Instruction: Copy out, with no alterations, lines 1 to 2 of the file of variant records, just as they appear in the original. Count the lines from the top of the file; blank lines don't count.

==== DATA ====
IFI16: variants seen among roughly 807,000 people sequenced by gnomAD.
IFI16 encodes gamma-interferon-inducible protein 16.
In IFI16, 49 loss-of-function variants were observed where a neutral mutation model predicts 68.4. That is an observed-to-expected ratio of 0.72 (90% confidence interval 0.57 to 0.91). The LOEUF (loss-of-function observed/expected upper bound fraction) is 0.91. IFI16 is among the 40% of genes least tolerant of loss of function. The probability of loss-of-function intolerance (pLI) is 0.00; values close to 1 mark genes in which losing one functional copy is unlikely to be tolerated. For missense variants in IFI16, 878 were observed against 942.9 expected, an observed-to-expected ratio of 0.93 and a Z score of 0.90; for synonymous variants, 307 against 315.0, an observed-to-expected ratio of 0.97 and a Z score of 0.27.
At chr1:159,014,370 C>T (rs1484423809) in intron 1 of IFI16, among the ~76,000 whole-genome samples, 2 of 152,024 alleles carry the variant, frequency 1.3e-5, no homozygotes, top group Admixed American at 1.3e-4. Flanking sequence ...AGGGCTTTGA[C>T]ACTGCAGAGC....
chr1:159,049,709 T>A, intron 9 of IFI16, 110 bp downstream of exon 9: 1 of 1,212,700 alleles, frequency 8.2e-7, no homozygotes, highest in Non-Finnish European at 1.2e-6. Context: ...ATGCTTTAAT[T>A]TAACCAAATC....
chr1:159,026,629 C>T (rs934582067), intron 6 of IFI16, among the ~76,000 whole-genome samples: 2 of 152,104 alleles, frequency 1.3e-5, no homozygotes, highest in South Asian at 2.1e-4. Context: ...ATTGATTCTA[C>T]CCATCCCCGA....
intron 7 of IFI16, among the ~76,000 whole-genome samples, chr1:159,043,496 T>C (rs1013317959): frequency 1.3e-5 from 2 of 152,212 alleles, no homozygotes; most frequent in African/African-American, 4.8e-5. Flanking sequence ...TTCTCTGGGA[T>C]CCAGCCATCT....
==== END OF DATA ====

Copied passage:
IFI16: variants seen among roughly 807,000 people sequenced by gnomAD.
IFI16 encodes gamma-interferon-inducible protein 16.